The Commodities Feed: The complex comes under pressure


Oil came under further pressure yesterday, with ICE Brent settling almost 1.2% lower on the day. This downward pressure has continued in early morning trading today, with Brent down more than 1% and trading below US$68/bbl at the time of writing. Oil got caught up in the broader market sell-off, with metals and equities also weakening over the day. The spread of the delta variant also continues to cloud the demand outlook for oil. In addition, output data from China earlier in the week, which showed that Chinese refiners processed the least crude in 14 months does little to help sentiment.

The weakness in the oil market in recent days has been led by WTI. Its discount to Brent has widened to almost US$3.20/bbl, which is the widest this spread has been since May. Although oddly, the widening comes despite the fact that we continue to see a tightening in the US oil market. Yesterday’s EIA report showed that US crude oil inventories fell by 3.23MMbbls, which was more than the market was expecting. Inventories at Cushing also declined by 980Mbbls, leaving stocks at the WTI delivery hub at 33.6MMbbls – the lowest level since October 2018. It appears that the only modestly bearish data point from yesterday’s report was that gasoline inventories increased by 696Mbbls due to a slight decline in implied demand. Given yesterday’s price action, the market is clearly more focused on the global demand outlook than EIA weekly numbers.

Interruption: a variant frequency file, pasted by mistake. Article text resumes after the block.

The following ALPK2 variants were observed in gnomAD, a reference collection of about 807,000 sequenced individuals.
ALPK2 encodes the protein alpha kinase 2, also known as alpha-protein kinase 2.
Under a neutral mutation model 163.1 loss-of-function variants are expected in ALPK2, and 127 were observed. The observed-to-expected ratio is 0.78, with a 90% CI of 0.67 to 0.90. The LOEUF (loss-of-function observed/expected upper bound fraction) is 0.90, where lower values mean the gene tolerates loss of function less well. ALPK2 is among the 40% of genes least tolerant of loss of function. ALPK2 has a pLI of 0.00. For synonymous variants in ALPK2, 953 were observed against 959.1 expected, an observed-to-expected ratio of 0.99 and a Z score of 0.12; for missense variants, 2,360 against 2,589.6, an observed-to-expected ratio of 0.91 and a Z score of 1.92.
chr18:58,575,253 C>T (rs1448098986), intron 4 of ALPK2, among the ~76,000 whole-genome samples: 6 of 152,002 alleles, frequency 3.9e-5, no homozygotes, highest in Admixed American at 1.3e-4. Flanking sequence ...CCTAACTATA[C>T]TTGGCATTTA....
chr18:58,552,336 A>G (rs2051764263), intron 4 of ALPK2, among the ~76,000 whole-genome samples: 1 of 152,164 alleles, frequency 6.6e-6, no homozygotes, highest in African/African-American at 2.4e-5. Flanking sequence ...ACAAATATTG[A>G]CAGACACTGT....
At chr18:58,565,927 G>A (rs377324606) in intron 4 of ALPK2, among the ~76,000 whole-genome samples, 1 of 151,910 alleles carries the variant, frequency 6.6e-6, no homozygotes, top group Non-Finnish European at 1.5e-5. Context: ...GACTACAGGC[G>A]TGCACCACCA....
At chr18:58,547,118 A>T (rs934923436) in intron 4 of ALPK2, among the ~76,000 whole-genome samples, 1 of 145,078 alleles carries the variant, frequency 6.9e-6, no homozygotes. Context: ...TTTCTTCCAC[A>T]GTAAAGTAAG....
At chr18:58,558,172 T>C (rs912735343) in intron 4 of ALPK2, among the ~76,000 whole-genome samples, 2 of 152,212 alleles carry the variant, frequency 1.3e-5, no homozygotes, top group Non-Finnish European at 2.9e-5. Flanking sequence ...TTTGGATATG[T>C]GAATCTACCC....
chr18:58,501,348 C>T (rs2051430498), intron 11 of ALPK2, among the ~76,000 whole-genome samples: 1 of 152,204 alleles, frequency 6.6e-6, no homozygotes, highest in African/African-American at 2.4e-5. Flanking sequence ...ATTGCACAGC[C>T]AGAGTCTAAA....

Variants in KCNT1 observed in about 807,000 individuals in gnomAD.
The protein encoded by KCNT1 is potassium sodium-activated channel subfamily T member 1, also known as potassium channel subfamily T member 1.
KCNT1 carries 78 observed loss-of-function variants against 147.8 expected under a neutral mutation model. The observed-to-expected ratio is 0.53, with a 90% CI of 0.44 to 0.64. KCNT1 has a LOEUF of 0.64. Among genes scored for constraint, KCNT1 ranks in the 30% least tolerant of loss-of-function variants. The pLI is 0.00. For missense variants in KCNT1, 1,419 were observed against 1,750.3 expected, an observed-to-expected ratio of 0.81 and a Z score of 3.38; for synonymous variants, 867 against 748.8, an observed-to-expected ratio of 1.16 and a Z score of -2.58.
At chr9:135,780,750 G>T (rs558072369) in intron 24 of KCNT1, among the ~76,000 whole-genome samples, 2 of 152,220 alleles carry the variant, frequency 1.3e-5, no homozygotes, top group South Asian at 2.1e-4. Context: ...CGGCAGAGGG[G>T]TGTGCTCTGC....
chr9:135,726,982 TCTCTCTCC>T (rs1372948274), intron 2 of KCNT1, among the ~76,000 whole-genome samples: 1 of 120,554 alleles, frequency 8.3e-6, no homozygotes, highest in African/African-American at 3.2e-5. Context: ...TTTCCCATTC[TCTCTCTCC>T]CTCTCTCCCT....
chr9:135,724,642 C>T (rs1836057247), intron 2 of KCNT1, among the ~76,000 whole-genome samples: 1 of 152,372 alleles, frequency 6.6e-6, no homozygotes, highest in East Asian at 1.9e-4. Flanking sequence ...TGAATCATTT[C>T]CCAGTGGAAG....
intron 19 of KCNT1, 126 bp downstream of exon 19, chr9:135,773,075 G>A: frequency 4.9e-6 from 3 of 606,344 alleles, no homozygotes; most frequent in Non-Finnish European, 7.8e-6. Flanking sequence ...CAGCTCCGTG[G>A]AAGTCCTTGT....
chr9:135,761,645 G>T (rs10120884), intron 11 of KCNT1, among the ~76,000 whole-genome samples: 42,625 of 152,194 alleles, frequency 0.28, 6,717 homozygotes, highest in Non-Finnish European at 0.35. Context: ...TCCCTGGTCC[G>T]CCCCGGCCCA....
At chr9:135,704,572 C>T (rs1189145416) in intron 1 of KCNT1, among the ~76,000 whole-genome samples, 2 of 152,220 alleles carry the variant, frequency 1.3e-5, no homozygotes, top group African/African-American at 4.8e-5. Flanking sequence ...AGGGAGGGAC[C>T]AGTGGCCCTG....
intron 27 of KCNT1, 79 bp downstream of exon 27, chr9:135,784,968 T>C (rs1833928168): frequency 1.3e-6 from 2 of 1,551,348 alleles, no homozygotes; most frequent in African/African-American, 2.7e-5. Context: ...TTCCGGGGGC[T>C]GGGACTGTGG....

OPEC+ will also be keeping an eye on demand at the moment. The group is set to meet on 1 September, and whilst their output policy is set until the end of the year, there is always the potential for a change if they feel that this is necessary. As things stand, it is unlikely we see a change. OPEC recently left its demand forecasts unchanged despite the spread of the delta variant, whilst any rollback in the easing of cuts could attract some criticism from the US, who recently asked the group to increase output. However, much will depend on what happens in the market over the next week and a half. One less concern for OPEC+ appears to be Iranian supply. There is still very little in the way of progress in nuclear talks since the new Iranian president took office in early August. The IAEA recently warned that Iran had increased uranium enrichment activity, so a nuclear deal still looks some distance away, and as a result, the lifting of oil sanctions as well.